After a quiet phase lasting six years, Weber State University has publicly announced its Dream 125 Campaign, with a goal of raising $125 million for the university by June 2016.
The WSU Developmental Office has already done much of the legwork by already raising $101,096,976 to date, meaning WSU has to raise about $24 million in two years.
The announcement corresponding with WSU’s 125th anniversary was “partly coincidence,” said WSU President Chuck Wight, although the release date had been planned for at least a year.
The Dream 125 money will benefit the university in three primary areas, according to Wight. These include providing opportunities and scholarships for students; advancing knowledge through endowed programs; and enhancing campus with new and modernized facilities and technology.
The scholarships will include merit-based scholarships in particular programs and colleges, and also the Dream Weber Scholarship, which provides free tuition and general student fees to students whose annual household income is $40,000 or less.
“We’ve really expanded the eligibility for this scholarship,” said Wight, noting that the Dream Weber Scholarship has come a long way since its establishment in 2010. Previous to Wight’s inaugural announcement, the scholarship only covered students with an annual household income of less than $27,000.
As of last summer, WSU has had 1,358 eligible students for the Dream Weber Scholarship. Of those students, 252 have received their bachelor’s degrees, and 400 have received their associate’s degrees.
Brad Mortensen, vice president for University Advancement, is working with alumni and previous donors to help raise money for the campaign.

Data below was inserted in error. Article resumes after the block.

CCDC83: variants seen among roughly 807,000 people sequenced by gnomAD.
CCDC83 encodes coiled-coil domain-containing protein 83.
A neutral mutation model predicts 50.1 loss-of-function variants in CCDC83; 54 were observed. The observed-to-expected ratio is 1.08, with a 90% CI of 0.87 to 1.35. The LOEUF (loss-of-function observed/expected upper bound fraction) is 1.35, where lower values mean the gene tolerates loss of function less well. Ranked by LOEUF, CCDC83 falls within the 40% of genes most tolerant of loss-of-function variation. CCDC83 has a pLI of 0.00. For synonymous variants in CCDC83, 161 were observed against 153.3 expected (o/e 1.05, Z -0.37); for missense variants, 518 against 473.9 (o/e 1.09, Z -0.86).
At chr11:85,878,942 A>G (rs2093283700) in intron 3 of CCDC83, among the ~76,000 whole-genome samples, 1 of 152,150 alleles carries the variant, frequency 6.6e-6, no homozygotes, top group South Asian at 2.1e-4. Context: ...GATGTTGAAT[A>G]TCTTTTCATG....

“With $101 million raised, we really are fortunate to have a lot of people out there, 10,690 to be exact, who have given to the university, and we feel optimistic that we can raise the full goal of $125 million,” Mortensen said.
On the Dream 125 website, campaign progress is measured by gifts and pledges in the thousands given to specific majors and programs at WSU. The College of Arts and Humanities has had the most money pledged, with a total of $11,643.40 since Dec. 31, 2013. The athletics and science programs are close runners-up, their donations reaching within $8,000.
The Alumni Center employs students to call upon donors and alumni for general fundraising, but Mortensen said students could be involved by talking with donors to “show off what they are doing.”
Mortensen gave the example of Sid Foulger, and the Sid & Mary Foulger School of Music. “Before he decided to do that, he met with a couple of our faculty and three students, so we do involve students directly with donors.”
Wight also said that students could help raise money for the university by making phone calls to alumni and asking for donations.
“When I get phone calls from the University of Virginia, where I graduated, it’s almost always from a student,” he said, “because students are important and are generally more successful in engaging donors.”
Mortensen also encouraged current students to “pay it forward” by giving to the campaign, because it will directly benefit students.
Carol Biddle, who works in the WSU Development Office, said she encourages current students to give to Dream 125.
“Students are the primary beneficiaries of everything that we do to raise funds for the university, so student involvement is very important.”